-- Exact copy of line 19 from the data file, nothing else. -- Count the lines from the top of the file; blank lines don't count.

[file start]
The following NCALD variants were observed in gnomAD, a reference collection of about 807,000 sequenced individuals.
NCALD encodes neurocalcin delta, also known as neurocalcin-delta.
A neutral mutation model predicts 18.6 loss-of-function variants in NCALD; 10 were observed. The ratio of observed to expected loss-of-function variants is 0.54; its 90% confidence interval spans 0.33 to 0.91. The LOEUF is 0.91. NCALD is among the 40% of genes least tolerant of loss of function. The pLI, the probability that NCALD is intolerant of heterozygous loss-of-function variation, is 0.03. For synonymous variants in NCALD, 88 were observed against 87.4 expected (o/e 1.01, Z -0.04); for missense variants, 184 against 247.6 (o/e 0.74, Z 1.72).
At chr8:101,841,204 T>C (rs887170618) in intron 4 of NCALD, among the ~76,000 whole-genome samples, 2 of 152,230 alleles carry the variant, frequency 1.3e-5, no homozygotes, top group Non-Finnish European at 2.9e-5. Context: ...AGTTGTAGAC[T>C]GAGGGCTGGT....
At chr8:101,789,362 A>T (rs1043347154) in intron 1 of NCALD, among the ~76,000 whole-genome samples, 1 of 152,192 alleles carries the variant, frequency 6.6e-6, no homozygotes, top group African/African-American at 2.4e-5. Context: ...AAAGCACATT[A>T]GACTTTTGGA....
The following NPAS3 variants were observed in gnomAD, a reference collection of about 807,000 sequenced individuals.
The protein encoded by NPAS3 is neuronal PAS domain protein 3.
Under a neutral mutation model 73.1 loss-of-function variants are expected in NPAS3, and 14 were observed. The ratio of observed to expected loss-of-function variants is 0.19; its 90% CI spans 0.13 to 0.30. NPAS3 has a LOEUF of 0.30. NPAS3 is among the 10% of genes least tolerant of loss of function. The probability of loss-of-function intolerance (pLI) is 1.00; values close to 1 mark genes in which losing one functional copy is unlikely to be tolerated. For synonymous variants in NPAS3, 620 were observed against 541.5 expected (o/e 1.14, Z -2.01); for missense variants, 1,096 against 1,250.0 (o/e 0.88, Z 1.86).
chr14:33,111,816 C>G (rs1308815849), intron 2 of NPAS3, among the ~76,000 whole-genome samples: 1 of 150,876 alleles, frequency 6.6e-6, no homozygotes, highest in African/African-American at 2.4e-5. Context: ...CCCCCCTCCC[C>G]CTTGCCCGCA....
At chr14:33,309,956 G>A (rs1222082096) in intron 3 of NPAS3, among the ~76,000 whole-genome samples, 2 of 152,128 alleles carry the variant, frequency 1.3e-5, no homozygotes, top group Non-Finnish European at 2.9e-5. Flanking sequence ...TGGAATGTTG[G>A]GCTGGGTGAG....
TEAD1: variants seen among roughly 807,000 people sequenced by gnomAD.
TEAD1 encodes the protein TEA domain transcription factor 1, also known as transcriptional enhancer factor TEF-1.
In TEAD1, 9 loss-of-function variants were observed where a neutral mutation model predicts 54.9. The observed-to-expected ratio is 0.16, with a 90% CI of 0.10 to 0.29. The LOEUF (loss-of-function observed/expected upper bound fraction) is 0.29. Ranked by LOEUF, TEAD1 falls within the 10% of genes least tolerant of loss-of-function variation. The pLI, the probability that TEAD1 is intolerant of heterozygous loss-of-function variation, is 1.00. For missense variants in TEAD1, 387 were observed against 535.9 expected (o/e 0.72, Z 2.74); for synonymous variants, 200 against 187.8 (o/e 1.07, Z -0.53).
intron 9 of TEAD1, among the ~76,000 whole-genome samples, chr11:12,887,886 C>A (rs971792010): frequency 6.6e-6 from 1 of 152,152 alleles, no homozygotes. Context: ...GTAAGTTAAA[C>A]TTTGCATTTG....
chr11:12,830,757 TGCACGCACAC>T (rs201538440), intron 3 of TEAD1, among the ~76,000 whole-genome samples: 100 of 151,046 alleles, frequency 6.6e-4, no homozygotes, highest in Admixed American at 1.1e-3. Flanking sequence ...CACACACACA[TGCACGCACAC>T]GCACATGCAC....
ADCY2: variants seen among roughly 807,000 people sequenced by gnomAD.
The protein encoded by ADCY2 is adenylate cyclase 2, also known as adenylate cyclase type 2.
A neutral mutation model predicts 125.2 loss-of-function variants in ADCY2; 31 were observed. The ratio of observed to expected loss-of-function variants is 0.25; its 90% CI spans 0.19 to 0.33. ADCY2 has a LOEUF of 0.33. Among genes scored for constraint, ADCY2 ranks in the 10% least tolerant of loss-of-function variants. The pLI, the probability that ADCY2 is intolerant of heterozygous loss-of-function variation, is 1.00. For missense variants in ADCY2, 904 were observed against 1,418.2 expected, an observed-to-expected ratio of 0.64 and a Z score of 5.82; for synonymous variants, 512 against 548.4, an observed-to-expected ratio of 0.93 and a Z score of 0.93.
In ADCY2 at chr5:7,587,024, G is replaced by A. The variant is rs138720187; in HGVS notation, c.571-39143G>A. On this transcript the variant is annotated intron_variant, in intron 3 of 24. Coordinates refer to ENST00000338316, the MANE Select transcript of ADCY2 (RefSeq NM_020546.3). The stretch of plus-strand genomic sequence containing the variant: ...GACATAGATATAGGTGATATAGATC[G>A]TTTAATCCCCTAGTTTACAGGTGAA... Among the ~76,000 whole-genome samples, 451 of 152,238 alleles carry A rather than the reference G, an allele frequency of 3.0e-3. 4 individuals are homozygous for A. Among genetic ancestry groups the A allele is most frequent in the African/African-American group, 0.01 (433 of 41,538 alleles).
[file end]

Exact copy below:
In ADCY2 at chr5:7,587,024, G is replaced by A. The variant is rs138720187; in HGVS notation, c.571-39143G>A. On this transcript the variant is annotated intron_variant, in intron 3 of 24. Coordinates refer to ENST00000338316, the MANE Select transcript of ADCY2 (RefSeq NM_020546.3). The stretch of plus-strand genomic sequence containing the variant: ...GACATAGATATAGGTGATATAGATC[G>A]TTTAATCCCCTAGTTTACAGGTGAA... Among the ~76,000 whole-genome samples, 451 of 152,238 alleles carry A rather than the reference G, an allele frequency of 3.0e-3. 4 individuals are homozygous for A. Among genetic ancestry groups the A allele is most frequent in the African/African-American group, 0.01 (433 of 41,538 alleles).